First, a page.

Cryptocurrency Exchange Vircurex To Freeze Customer Accounts
But it doesn't matter: Imagine an unbreakable crypto: If you enter the right password, you are in. If you do not have it, infinite computer resources won't help you. Well, that environment is still an extremely dangerous environment for non-reversible transactions that cannot be manipulated by an authority, because most attacks on computer security work regardless of how good a cypher you use.
If you are attacking anything large, you just attack the keys. With no central authority, there is no way to recover keys, or ask for keys to be changed. Therefore, key management itself will be weakened due to how catastrophic it is to lose the keys. The harder you make it to lose all your bitcoins, the easier you make it to attack your keys.
So putting all the trust in the platform's security is like saying that a house is safe because you installed the best door money can buy. But there's still windows, and walls, and a roof, and a basement... Make them all perfectly secure, and you can't get into the house itself.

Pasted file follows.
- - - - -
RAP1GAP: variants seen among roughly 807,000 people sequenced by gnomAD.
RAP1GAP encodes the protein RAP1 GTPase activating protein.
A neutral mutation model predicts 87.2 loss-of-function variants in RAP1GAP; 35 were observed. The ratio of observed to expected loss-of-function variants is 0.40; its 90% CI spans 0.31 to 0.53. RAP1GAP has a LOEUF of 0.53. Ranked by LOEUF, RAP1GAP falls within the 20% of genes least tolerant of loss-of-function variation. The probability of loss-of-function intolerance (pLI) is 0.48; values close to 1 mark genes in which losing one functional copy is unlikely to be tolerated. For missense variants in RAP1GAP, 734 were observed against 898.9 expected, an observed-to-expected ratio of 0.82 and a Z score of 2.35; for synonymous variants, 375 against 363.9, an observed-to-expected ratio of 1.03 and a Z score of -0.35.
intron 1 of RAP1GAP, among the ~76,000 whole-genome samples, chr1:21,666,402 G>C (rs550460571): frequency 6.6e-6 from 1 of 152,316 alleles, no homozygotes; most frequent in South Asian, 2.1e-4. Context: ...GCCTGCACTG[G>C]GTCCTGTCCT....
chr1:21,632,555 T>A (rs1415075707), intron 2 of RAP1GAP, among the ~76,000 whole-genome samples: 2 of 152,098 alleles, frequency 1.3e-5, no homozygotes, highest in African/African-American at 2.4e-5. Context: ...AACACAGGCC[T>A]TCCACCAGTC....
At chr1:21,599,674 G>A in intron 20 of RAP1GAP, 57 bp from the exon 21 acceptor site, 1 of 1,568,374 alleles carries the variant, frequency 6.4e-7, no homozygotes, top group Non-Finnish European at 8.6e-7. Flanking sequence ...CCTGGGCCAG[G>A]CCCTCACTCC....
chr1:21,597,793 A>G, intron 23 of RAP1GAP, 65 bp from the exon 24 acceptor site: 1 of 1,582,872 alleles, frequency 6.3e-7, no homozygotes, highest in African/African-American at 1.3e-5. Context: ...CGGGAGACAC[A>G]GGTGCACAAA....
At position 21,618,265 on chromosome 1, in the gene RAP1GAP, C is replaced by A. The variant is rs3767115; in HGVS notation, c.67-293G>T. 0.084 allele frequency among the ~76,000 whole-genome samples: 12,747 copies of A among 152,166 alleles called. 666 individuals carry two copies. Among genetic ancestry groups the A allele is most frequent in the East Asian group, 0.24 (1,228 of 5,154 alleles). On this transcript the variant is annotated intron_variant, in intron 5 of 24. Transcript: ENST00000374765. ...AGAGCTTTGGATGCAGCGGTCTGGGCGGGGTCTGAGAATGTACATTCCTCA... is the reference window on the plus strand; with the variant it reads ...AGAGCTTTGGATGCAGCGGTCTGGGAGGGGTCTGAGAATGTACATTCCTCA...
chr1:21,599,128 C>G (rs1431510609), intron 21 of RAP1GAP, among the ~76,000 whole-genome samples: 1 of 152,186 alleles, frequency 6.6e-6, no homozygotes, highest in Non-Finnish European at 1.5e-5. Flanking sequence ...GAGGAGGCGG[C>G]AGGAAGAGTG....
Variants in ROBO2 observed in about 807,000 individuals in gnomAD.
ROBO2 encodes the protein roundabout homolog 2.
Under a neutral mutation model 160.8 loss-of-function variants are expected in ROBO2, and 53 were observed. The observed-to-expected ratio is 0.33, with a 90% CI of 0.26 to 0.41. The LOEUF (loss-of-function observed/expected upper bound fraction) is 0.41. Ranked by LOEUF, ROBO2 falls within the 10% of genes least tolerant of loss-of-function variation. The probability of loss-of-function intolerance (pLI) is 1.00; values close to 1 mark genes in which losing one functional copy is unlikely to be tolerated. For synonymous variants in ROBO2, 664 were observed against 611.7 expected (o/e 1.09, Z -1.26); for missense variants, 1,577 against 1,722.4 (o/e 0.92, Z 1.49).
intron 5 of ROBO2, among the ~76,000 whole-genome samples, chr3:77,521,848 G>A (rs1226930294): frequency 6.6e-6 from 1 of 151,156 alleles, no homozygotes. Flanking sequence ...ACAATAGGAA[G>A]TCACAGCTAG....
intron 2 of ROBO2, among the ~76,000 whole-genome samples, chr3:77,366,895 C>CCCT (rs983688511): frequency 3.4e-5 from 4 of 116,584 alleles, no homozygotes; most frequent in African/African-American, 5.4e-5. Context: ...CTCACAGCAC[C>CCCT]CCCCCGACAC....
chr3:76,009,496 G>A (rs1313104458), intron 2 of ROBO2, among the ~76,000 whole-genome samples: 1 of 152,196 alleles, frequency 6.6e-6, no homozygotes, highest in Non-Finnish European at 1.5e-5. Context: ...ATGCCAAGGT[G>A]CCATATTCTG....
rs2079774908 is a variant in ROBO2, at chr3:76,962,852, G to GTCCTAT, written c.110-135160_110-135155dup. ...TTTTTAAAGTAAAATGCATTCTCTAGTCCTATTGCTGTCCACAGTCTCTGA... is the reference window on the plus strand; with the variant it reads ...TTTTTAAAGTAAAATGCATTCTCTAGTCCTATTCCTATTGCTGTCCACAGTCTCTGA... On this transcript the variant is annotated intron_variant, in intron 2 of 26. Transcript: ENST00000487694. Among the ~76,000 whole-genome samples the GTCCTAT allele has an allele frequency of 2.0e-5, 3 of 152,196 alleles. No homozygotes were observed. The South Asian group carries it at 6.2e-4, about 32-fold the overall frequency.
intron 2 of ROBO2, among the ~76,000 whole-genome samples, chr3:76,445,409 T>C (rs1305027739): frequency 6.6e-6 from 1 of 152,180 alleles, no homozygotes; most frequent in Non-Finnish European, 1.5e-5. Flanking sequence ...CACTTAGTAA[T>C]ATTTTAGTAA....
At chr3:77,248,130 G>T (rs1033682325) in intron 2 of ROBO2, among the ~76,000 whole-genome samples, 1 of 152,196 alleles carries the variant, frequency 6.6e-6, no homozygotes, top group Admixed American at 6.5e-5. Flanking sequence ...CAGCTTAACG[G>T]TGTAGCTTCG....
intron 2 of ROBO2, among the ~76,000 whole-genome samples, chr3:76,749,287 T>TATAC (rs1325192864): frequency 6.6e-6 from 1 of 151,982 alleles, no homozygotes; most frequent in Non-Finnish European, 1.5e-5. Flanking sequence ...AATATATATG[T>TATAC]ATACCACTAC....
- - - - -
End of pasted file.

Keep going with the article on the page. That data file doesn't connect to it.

Overuse of Bioengineered Corn Gives Rise To Resistant Pests
Yep, it's called refuge. And that's why you will find, today, that the recommendation is to do exactly as you say. You'll even find Monsanto, BASF and Pioneer telling you to do that, and even selling the seeds for both. If you find a farmer that doesn't know that, he's not paying attention.
Now, good luck finding people that know this unless they have farmers or agronomists in the family.